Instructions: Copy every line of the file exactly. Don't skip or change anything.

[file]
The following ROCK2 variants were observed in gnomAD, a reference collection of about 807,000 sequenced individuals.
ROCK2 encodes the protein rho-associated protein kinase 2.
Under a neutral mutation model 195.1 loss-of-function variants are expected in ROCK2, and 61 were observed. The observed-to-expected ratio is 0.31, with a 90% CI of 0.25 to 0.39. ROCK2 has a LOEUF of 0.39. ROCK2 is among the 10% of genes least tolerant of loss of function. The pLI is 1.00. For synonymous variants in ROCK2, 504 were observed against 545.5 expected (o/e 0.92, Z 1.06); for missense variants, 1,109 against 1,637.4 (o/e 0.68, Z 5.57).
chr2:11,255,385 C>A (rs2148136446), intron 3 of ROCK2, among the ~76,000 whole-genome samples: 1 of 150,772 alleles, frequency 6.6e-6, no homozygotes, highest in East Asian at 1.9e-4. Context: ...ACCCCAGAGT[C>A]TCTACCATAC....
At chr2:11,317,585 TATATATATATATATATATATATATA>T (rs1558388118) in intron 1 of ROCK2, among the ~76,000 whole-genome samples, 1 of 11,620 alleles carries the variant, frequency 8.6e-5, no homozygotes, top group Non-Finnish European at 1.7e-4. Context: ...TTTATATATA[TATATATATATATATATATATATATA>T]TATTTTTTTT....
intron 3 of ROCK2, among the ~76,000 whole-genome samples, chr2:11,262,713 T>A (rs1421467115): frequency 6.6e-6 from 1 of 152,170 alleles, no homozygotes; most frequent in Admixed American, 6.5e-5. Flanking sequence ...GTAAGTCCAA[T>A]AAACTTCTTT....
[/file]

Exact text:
The following ROCK2 variants were observed in gnomAD, a reference collection of about 807,000 sequenced individuals.
ROCK2 encodes the protein rho-associated protein kinase 2.
Under a neutral mutation model 195.1 loss-of-function variants are expected in ROCK2, and 61 were observed. The observed-to-expected ratio is 0.31, with a 90% CI of 0.25 to 0.39. ROCK2 has a LOEUF of 0.39. ROCK2 is among the 10% of genes least tolerant of loss of function. The pLI is 1.00. For synonymous variants in ROCK2, 504 were observed against 545.5 expected (o/e 0.92, Z 1.06); for missense variants, 1,109 against 1,637.4 (o/e 0.68, Z 5.57).
chr2:11,255,385 C>A (rs2148136446), intron 3 of ROCK2, among the ~76,000 whole-genome samples: 1 of 150,772 alleles, frequency 6.6e-6, no homozygotes, highest in East Asian at 1.9e-4. Context: ...ACCCCAGAGT[C>A]TCTACCATAC....
At chr2:11,317,585 TATATATATATATATATATATATATA>T (rs1558388118) in intron 1 of ROCK2, among the ~76,000 whole-genome samples, 1 of 11,620 alleles carries the variant, frequency 8.6e-5, no homozygotes, top group Non-Finnish European at 1.7e-4. Context: ...TTTATATATA[TATATATATATATATATATATATATA>T]TATTTTTTTT....
intron 3 of ROCK2, among the ~76,000 whole-genome samples, chr2:11,262,713 T>A (rs1421467115): frequency 6.6e-6 from 1 of 152,170 alleles, no homozygotes; most frequent in Admixed American, 6.5e-5. Flanking sequence ...GTAAGTCCAA[T>A]AAACTTCTTT....